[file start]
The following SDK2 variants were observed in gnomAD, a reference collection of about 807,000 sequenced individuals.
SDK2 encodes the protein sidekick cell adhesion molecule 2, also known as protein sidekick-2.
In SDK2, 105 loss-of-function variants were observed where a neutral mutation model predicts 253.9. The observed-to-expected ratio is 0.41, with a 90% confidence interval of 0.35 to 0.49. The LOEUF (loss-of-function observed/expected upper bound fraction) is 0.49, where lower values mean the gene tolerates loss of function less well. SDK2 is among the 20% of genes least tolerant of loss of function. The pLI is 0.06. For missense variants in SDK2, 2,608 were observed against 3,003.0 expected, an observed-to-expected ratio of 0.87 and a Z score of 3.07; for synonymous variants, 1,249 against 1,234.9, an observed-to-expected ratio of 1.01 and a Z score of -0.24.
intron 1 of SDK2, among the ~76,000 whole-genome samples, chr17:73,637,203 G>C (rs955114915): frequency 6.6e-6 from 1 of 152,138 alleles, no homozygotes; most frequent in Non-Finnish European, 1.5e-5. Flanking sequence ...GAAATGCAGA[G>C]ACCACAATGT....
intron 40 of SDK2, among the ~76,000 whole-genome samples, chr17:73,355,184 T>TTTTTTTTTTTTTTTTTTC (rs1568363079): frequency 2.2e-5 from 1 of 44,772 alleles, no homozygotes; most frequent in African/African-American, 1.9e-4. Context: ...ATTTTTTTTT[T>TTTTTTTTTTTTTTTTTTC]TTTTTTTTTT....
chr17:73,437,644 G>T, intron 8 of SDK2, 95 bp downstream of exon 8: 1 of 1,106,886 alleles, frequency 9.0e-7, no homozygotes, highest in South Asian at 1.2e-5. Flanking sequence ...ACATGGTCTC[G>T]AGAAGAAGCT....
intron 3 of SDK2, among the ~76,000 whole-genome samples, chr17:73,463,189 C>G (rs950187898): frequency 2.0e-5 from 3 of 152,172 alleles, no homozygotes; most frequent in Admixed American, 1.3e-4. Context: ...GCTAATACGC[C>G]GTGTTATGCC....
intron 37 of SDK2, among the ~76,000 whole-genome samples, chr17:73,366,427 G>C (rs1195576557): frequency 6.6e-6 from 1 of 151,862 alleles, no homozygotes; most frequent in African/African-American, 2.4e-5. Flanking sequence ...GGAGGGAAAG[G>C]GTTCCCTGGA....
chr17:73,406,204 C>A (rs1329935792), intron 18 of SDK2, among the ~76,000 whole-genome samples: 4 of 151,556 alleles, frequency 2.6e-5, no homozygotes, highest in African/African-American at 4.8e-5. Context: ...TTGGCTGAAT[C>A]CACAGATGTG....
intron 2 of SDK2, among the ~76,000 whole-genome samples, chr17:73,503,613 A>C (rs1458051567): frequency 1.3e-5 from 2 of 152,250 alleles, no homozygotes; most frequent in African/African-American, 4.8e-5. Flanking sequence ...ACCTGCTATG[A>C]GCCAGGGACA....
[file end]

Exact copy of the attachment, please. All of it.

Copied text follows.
The following SDK2 variants were observed in gnomAD, a reference collection of about 807,000 sequenced individuals.
SDK2 encodes the protein sidekick cell adhesion molecule 2, also known as protein sidekick-2.
In SDK2, 105 loss-of-function variants were observed where a neutral mutation model predicts 253.9. The observed-to-expected ratio is 0.41, with a 90% confidence interval of 0.35 to 0.49. The LOEUF (loss-of-function observed/expected upper bound fraction) is 0.49, where lower values mean the gene tolerates loss of function less well. SDK2 is among the 20% of genes least tolerant of loss of function. The pLI is 0.06. For missense variants in SDK2, 2,608 were observed against 3,003.0 expected, an observed-to-expected ratio of 0.87 and a Z score of 3.07; for synonymous variants, 1,249 against 1,234.9, an observed-to-expected ratio of 1.01 and a Z score of -0.24.
intron 1 of SDK2, among the ~76,000 whole-genome samples, chr17:73,637,203 G>C (rs955114915): frequency 6.6e-6 from 1 of 152,138 alleles, no homozygotes; most frequent in Non-Finnish European, 1.5e-5. Flanking sequence ...GAAATGCAGA[G>C]ACCACAATGT....
intron 40 of SDK2, among the ~76,000 whole-genome samples, chr17:73,355,184 T>TTTTTTTTTTTTTTTTTTC (rs1568363079): frequency 2.2e-5 from 1 of 44,772 alleles, no homozygotes; most frequent in African/African-American, 1.9e-4. Context: ...ATTTTTTTTT[T>TTTTTTTTTTTTTTTTTTC]TTTTTTTTTT....
chr17:73,437,644 G>T, intron 8 of SDK2, 95 bp downstream of exon 8: 1 of 1,106,886 alleles, frequency 9.0e-7, no homozygotes, highest in South Asian at 1.2e-5. Flanking sequence ...ACATGGTCTC[G>T]AGAAGAAGCT....
intron 3 of SDK2, among the ~76,000 whole-genome samples, chr17:73,463,189 C>G (rs950187898): frequency 2.0e-5 from 3 of 152,172 alleles, no homozygotes; most frequent in Admixed American, 1.3e-4. Context: ...GCTAATACGC[C>G]GTGTTATGCC....
intron 37 of SDK2, among the ~76,000 whole-genome samples, chr17:73,366,427 G>C (rs1195576557): frequency 6.6e-6 from 1 of 151,862 alleles, no homozygotes; most frequent in African/African-American, 2.4e-5. Flanking sequence ...GGAGGGAAAG[G>C]GTTCCCTGGA....
chr17:73,406,204 C>A (rs1329935792), intron 18 of SDK2, among the ~76,000 whole-genome samples: 4 of 151,556 alleles, frequency 2.6e-5, no homozygotes, highest in African/African-American at 4.8e-5. Context: ...TTGGCTGAAT[C>A]CACAGATGTG....
intron 2 of SDK2, among the ~76,000 whole-genome samples, chr17:73,503,613 A>C (rs1458051567): frequency 1.3e-5 from 2 of 152,250 alleles, no homozygotes; most frequent in African/African-American, 4.8e-5. Flanking sequence ...ACCTGCTATG[A>C]GCCAGGGACA....